This is the 21st century – the age of social media, an age where we collect friends like stamps. However, despite the fact that man is a social creature, it is not possible for him to be friends with a very large amount of people. Research reveals that most humans are incapable of closely knowing more than around 150 people. This causes one’s social life to get demanding, as soon as new connections are built around the workplace or elsewhere. Thus, enters technology into the scene.
We belong to a generation addicted to technology, and hence, it has controlled our social circle interaction to a great extent. We engage in online conversations, exchange videos and photos with friends, check-in to places to make people aware of how we live. Even while sitting home, we can be aware of what is going on in other people’s lives, where they are hanging around and how is their lifestyle. As difficult as it may be for one to admit, we all use social networking to represent ourselves to the world the way WE want to.
With the emerging concept of individualism in people, they have diverted themselves to a sudden feeling of self-actualization in which they explicitly reveal themselves through their personal achievements which may include one’s professional career, the amount of wealth one owns, a self-image, and of course, consumerism. Taking Instagram for example, we can vividly observe how people daily upload pictures of what they eat, how they look, what they wear, what they buy and where they go. It gives an opportunity to showcase one’s own lifestyle. This makes us realize how badly we’re engaged in endless personal promotion either on Facebook, Twitter, Instagram, Tumblr or Snapchat. We build up profiles, upload the photos only in which we look good, and share about the mainstream trending topics and point of view for the general public to absorb from our image – the way we want them to perceive us as.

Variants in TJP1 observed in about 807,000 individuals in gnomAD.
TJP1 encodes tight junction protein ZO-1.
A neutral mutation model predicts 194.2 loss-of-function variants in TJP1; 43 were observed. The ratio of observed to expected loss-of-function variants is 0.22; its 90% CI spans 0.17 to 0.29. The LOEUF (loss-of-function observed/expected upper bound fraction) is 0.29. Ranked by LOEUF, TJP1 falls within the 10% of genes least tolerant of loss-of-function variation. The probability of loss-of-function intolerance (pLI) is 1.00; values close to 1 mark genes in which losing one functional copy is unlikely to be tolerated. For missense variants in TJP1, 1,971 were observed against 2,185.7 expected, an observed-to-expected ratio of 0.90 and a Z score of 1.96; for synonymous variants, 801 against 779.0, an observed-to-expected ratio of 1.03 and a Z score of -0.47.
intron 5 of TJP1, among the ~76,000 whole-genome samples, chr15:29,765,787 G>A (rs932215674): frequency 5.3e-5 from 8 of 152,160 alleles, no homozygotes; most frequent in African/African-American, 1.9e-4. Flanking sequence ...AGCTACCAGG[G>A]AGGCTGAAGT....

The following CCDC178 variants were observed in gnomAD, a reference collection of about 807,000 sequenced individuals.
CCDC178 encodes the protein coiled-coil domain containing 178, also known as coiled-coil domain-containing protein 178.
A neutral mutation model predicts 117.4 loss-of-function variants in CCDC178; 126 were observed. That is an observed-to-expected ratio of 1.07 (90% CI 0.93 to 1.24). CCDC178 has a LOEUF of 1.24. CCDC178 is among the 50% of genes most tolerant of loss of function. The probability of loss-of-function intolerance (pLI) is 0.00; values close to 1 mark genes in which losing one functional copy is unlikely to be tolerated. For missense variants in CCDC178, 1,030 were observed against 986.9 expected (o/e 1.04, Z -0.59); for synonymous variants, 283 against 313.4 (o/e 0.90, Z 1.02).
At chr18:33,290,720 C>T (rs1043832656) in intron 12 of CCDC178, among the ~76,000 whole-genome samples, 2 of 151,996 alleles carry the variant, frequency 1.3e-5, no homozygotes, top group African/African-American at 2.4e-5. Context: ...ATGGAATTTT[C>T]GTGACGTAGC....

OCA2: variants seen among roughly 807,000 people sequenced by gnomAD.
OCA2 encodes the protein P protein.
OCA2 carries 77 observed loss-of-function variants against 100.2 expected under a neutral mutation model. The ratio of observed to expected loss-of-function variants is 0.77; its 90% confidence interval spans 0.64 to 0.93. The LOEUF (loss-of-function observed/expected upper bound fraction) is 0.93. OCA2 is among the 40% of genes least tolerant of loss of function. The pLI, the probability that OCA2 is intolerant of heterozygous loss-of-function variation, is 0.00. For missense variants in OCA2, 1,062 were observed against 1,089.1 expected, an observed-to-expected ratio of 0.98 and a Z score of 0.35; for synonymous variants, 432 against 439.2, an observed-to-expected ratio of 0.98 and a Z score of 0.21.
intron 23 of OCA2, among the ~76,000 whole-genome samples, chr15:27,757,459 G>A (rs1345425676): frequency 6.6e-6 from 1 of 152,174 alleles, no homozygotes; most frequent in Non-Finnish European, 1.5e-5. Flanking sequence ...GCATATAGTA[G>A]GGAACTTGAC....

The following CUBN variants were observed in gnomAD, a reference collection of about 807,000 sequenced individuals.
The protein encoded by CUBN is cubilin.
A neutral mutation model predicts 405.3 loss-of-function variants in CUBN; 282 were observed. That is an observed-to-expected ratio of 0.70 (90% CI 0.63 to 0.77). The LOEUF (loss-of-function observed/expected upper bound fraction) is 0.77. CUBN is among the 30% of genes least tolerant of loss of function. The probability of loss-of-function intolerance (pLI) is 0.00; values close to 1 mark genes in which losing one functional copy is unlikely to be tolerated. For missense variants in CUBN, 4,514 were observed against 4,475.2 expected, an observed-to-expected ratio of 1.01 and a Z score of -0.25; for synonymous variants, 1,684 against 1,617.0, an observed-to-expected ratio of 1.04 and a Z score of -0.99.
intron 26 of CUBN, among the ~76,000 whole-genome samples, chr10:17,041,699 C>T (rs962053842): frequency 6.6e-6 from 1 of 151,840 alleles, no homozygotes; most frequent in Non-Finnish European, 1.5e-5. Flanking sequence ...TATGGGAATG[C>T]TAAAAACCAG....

One would reach to the thought about why interacting in real time has become so difficult nowadays. To answer that, in real-time conversation, you cannot control what you say. However, in conversing through a technological medium, we get the time-frame to think about how we create a message, or respond to one, think about the consequences of speaking something before we actually say it, have the ability to modify what we have written and no one can read our corresponding facial expressions to what we say. This gives our personal image another edge; however, deep down in our inner-self we know what we are trying to show. We use technology to define ourselves and this may lead to the extent of faking experiences just to have something to share. This sharing of continuous information about ourselves is itself a way in which we feel active and alive to the world of social networking and hence embed into the mainstream culture.